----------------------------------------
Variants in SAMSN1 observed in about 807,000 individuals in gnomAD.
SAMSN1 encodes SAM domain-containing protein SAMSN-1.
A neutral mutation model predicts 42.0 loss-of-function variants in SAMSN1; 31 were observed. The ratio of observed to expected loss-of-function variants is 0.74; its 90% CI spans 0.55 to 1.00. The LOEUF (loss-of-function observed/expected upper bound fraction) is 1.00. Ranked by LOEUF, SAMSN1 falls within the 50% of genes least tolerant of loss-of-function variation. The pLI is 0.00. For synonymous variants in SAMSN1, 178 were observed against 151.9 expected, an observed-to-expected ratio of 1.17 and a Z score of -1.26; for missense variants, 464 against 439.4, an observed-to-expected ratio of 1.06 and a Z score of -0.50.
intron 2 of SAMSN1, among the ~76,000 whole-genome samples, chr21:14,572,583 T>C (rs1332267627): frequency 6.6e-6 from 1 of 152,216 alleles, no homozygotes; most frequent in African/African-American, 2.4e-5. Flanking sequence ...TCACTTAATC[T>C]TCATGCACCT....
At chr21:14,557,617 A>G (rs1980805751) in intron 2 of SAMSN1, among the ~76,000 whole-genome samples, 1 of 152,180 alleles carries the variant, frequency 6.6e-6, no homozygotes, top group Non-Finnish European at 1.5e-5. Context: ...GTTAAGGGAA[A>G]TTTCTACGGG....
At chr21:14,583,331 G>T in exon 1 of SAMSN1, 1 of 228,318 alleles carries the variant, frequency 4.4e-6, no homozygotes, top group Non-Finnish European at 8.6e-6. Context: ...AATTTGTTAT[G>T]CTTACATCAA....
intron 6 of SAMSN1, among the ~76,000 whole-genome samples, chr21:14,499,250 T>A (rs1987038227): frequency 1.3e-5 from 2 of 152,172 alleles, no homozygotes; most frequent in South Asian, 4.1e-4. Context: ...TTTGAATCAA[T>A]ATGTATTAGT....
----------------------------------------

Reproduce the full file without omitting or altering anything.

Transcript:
Variants in SAMSN1 observed in about 807,000 individuals in gnomAD.
SAMSN1 encodes SAM domain-containing protein SAMSN-1.
A neutral mutation model predicts 42.0 loss-of-function variants in SAMSN1; 31 were observed. The ratio of observed to expected loss-of-function variants is 0.74; its 90% CI spans 0.55 to 1.00. The LOEUF (loss-of-function observed/expected upper bound fraction) is 1.00. Ranked by LOEUF, SAMSN1 falls within the 50% of genes least tolerant of loss-of-function variation. The pLI is 0.00. For synonymous variants in SAMSN1, 178 were observed against 151.9 expected, an observed-to-expected ratio of 1.17 and a Z score of -1.26; for missense variants, 464 against 439.4, an observed-to-expected ratio of 1.06 and a Z score of -0.50.
intron 2 of SAMSN1, among the ~76,000 whole-genome samples, chr21:14,572,583 T>C (rs1332267627): frequency 6.6e-6 from 1 of 152,216 alleles, no homozygotes; most frequent in African/African-American, 2.4e-5. Flanking sequence ...TCACTTAATC[T>C]TCATGCACCT....
At chr21:14,557,617 A>G (rs1980805751) in intron 2 of SAMSN1, among the ~76,000 whole-genome samples, 1 of 152,180 alleles carries the variant, frequency 6.6e-6, no homozygotes, top group Non-Finnish European at 1.5e-5. Context: ...GTTAAGGGAA[A>G]TTTCTACGGG....
At chr21:14,583,331 G>T in exon 1 of SAMSN1, 1 of 228,318 alleles carries the variant, frequency 4.4e-6, no homozygotes, top group Non-Finnish European at 8.6e-6. Context: ...AATTTGTTAT[G>T]CTTACATCAA....
intron 6 of SAMSN1, among the ~76,000 whole-genome samples, chr21:14,499,250 T>A (rs1987038227): frequency 1.3e-5 from 2 of 152,172 alleles, no homozygotes; most frequent in South Asian, 4.1e-4. Context: ...TTTGAATCAA[T>A]ATGTATTAGT....